The parties debate the merits of their respective positions and the defects in the opposing party's arguments. All to no avail. We do not know the facts. While the district court has given some reasons for its actions, there has never been a trial on the merits. The complaint states a claim. The opinion does not even purport to dismiss the suit for failure to do so. The facts are disputed. The opinion does not even purport to render a summary judgment on the basis that there is no genuine dispute of material fact.5 The plaintiffs demanded trial by jury in accordance with Federal Rule of Civil Procedure 38 and the seventh amendment. No reason has been given why they are not entitled to such a trial. Relying on Portsmouth Square, Inc. v. Shareholders Protective Committee,6 the defendants characterize the district court's summary dismissal as proper under the pretrial conference procedure of Federal Rule of Civil Procedure 16.7 In this case, however, the plaintiffs were not afforded the opportunity to develop all of their factual and legal support.8
The basic issue in the case is whether actions affecting the plaintiffs were taken in retaliation for their exercise of first amendment rights. Whether an employee's speech is protected by the first amendment is ultimately a question of law9 and it depends on whether the speech addresses a matter of public concern.10 This inquiry in turn triggers resolution of factual issues, such as the content, form, context, time, place and manner in which the speech was delivered.11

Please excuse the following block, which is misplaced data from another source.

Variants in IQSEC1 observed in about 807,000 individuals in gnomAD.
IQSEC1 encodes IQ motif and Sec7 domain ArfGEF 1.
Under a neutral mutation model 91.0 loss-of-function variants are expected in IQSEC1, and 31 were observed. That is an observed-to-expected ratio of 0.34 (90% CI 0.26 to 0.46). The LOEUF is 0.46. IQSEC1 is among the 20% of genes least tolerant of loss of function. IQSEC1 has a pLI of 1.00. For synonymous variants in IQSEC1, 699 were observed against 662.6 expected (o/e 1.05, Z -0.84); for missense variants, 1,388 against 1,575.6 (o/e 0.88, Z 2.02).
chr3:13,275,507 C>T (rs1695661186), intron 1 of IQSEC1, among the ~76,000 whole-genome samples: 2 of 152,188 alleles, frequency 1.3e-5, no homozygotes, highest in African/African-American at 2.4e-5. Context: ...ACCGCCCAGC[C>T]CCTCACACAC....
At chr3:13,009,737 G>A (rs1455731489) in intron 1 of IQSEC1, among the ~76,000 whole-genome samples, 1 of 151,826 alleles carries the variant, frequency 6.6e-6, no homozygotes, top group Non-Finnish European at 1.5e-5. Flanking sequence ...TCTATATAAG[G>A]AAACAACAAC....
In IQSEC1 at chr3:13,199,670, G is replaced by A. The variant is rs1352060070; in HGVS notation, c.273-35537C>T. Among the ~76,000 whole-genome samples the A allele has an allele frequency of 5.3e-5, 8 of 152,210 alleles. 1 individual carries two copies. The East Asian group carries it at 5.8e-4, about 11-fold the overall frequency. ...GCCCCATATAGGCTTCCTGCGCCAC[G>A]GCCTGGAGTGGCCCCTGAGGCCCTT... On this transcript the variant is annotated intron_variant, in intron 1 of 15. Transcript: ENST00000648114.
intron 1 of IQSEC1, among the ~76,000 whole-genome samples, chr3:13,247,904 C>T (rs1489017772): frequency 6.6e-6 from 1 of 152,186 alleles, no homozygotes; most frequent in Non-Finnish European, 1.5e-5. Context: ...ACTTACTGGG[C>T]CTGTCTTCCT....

If the resolution of such factual issues is necessary to determine the protected status of speech, summary dismissal of the case before it gets to the jury is improper.12 If, on the other hand, there is no genuine issue of material fact, the district court may decide the case by summary judgment, for the issues are then solely legal.13 The posture of the case at present does not require us to decide whether the presence of issues of constitutional fact would permit the district court to resolve those issues a third way, after trial but without a jury determination.14 Whether the district court might find no genuine dispute of material fact after employing proper procedures to explore that matter or whether the factual issues could be resolved only after all the evidence is adduced, summary decision without following either course was improper.
The plaintiffs request an order to the district court requiring it to certify the class and enter the preliminary injunction. We do not have a judgment from the district court on these two issues; consequently, they are not properly before us. We note, however, that plaintiffs are not a numerous class.15
As a general rule, this court remands cases to the same trial court for further proceedings. The interests of justice and the appearance of justice, however, require that this case be allotted, after remand, to a judge who has not expressed an opinion on its merits without hearing all of the evidence.